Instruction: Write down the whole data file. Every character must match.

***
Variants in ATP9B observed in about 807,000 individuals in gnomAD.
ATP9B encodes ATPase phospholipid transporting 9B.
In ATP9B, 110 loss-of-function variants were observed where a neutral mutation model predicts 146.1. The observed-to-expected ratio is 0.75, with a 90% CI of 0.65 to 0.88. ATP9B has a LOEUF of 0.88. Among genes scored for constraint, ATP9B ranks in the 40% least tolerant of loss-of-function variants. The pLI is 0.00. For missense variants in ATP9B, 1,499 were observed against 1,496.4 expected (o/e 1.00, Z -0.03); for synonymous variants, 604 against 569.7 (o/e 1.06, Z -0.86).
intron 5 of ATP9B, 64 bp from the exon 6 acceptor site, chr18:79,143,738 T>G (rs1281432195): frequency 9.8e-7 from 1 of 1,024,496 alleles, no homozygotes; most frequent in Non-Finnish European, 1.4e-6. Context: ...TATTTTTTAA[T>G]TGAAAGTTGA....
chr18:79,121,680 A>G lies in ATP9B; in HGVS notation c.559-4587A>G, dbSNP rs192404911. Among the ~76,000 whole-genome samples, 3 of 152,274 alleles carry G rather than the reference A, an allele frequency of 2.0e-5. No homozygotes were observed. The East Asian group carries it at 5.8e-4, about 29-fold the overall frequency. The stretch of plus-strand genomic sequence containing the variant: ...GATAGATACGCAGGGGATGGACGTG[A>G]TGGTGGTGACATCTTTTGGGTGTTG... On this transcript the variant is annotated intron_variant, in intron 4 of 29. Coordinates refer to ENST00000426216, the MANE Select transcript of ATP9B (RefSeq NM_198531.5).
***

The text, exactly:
Variants in ATP9B observed in about 807,000 individuals in gnomAD.
ATP9B encodes ATPase phospholipid transporting 9B.
In ATP9B, 110 loss-of-function variants were observed where a neutral mutation model predicts 146.1. The observed-to-expected ratio is 0.75, with a 90% CI of 0.65 to 0.88. ATP9B has a LOEUF of 0.88. Among genes scored for constraint, ATP9B ranks in the 40% least tolerant of loss-of-function variants. The pLI is 0.00. For missense variants in ATP9B, 1,499 were observed against 1,496.4 expected (o/e 1.00, Z -0.03); for synonymous variants, 604 against 569.7 (o/e 1.06, Z -0.86).
intron 5 of ATP9B, 64 bp from the exon 6 acceptor site, chr18:79,143,738 T>G (rs1281432195): frequency 9.8e-7 from 1 of 1,024,496 alleles, no homozygotes; most frequent in Non-Finnish European, 1.4e-6. Context: ...TATTTTTTAA[T>G]TGAAAGTTGA....
chr18:79,121,680 A>G lies in ATP9B; in HGVS notation c.559-4587A>G, dbSNP rs192404911. Among the ~76,000 whole-genome samples, 3 of 152,274 alleles carry G rather than the reference A, an allele frequency of 2.0e-5. No homozygotes were observed. The East Asian group carries it at 5.8e-4, about 29-fold the overall frequency. The stretch of plus-strand genomic sequence containing the variant: ...GATAGATACGCAGGGGATGGACGTG[A>G]TGGTGGTGACATCTTTTGGGTGTTG... On this transcript the variant is annotated intron_variant, in intron 4 of 29. Coordinates refer to ENST00000426216, the MANE Select transcript of ATP9B (RefSeq NM_198531.5).